In step 104, control sets a timer equal to one (t=1). Control calculates Tout based on the model as described above in step 116. In step 118, control determines whether Tout is greater than THM. If Tout is not greater than THM, control ends. If Tout is greater than THM, control determines whether the timer is equal to a threshold for entering the hot mode (tTHRESHHOT) in step 120. If the timer is not equal to tTHRESHHOT, control continues in step 122. If the timer is equal to tTHRESHHOT, control continues in step 124. In step 122, control increments the timer by one iteration and continues in step 116. In step 124, control operates the vehicle in hot mode and control ends. In this manner, control ensures that Tout is below THM for a threshold time period before switching to hot mode.

Referring now to FIG. 6, a logic flow of the cooling control is illustrated. A calculator 600 calculates the present Tshell based on the prior Tout, Nturb, Npump and a TCC state (TCCSTATE) (e.g., locked or unlocked). The calculator calculates the present Tu, based on the present TSHELL. A comparator 602 receives the present Tout and THM as inputs and compares Tout to THM. If Tout is greater than THM, the comparator 602 sends a high signal to a timer 604. If Tout is not greater than THM, the comparator 602 sends a low signal to the timer 604. The timer 604 also includes tTHRESHHOT and tTHRESHNORM as inputs.

The timer 604 monitors the duration of the high signal and the low signal. For example, if the high signal is continuously input from the comparator 602 for a time greater than tTHRESHHOT, the timer outputs a hot mode signal to initialize hot mode entry. If the low signal is continuously input from the comparator 602 for a time greater than tTHRESHNORM, the timer outputs a normal mode signal to initialize normal mode entry. If either signal is received for less than their respective threshold times, the timer outputs a signal to the calculator 600 to recalculate Tout for the next time step.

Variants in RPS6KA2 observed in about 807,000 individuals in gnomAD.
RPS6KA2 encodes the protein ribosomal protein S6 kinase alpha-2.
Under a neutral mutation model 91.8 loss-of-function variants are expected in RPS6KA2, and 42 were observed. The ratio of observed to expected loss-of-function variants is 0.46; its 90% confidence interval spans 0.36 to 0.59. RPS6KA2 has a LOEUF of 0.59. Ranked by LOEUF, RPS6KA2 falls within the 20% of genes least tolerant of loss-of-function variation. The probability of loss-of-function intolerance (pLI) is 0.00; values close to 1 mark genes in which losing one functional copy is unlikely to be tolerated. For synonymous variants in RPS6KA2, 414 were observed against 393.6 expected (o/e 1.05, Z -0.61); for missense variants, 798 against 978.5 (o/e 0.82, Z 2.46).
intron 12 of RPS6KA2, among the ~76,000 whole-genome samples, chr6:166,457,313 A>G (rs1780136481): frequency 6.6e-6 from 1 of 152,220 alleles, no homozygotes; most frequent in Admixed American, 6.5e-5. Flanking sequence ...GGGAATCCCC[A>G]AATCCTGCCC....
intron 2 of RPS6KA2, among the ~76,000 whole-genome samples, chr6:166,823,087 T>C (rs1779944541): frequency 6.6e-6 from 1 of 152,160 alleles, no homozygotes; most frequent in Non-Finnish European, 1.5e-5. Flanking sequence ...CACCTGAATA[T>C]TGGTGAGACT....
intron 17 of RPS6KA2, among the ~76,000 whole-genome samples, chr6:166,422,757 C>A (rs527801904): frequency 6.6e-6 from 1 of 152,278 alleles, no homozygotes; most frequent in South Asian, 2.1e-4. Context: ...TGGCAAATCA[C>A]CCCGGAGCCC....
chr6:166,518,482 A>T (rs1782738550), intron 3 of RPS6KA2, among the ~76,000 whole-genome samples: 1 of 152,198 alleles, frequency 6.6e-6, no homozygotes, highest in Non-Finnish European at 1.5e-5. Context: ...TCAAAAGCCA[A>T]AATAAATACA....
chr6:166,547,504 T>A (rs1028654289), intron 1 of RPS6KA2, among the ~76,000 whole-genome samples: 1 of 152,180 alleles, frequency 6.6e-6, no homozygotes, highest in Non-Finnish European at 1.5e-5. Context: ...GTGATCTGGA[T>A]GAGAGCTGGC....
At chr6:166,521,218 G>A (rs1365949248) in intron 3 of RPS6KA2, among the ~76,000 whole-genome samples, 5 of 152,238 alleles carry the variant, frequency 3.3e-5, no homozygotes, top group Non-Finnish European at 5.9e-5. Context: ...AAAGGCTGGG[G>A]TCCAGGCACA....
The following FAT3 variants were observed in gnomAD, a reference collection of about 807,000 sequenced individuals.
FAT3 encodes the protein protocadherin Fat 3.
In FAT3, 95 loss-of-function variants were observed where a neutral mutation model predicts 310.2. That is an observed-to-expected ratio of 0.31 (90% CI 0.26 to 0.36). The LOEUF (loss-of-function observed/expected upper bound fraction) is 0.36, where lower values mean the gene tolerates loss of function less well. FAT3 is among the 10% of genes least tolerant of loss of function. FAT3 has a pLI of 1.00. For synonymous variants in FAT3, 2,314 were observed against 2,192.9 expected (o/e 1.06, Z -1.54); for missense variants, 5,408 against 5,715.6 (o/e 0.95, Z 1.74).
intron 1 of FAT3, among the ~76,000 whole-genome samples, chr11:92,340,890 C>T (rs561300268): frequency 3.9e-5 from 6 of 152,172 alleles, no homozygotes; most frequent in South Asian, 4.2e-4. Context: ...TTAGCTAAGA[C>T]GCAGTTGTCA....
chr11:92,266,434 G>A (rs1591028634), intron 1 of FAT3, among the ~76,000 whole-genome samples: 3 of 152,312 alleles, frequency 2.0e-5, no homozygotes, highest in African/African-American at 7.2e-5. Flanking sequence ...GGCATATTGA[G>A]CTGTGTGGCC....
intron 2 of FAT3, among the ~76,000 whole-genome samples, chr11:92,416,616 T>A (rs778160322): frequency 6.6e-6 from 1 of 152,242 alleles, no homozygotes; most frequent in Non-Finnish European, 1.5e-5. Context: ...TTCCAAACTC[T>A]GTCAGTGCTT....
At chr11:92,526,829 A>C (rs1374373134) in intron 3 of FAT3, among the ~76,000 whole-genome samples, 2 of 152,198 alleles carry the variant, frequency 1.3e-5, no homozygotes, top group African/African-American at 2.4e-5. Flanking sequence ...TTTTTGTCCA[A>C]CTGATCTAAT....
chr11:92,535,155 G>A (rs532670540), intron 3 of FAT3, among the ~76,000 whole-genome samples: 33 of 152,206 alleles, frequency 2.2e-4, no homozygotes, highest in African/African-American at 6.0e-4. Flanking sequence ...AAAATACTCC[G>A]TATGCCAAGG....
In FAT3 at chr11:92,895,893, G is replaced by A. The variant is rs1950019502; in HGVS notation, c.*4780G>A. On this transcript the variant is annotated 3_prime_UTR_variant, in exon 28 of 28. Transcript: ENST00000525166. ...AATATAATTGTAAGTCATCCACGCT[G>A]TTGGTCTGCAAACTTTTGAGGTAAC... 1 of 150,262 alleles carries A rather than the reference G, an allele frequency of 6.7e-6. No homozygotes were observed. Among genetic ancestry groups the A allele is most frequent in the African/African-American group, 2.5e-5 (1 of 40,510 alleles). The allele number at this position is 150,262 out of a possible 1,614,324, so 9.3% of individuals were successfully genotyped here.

Those skilled in the art can now appreciate from the foregoing description that the broad teachings of the present invention can be implemented in a variety of forms. Therefore, while this invention has been described in connection with particular examples thereof, the true scope of the invention should not be so limited since other modifications will become apparent to the skilled practitioner upon a study of the drawings, the specification and the following claims.

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Referenced by
Citing PatentFiling datePublication dateApplicantTitle
US7217222 *Apr 5, 2005May 15, 2007Ford Global Technologies, LlcMethod and system for inferring and controlling transmission fluid temperature
US7938102 *Nov 8, 2007May 10, 2011William SherryMethod and system for conserving fuel in a diesel engine
US8382536 *Apr 14, 2010Feb 26, 2013Honda Motor Co., Ltd.Outboard motor control apparatus
US8392047Jun 4, 2007Mar 5, 2013Zf Friedrichshafen AgSystem for preventing damage to a vehicle
US8482237 *Mar 3, 2011Jul 9, 2013GM Global Technology Operations LLCMotor temperature estimation based on thermal model
US8897979 *May 10, 2011Nov 25, 2014GM Global Technology Operations LLCThermal model for dry dual clutch transmissions
US20100267296 *Apr 14, 2010Oct 21, 2010Honda Motor Co., Ltd.Outboard motor control apparatus
US20120290249 *May 10, 2011Nov 15, 2012GM Global Technology Operations LLCThermal model for dry dual clutch transmissions
Classifications
U.S. Classification701/55, 477/76, 477/98
International ClassificationG06F7/00, F16H61/38, G06F19/00, F16H59/72, F16H61/14, F16H61/12
Cooperative ClassificationF16H59/72, F16H2059/725, F16H61/14
European ClassificationF16H59/72, F16H61/14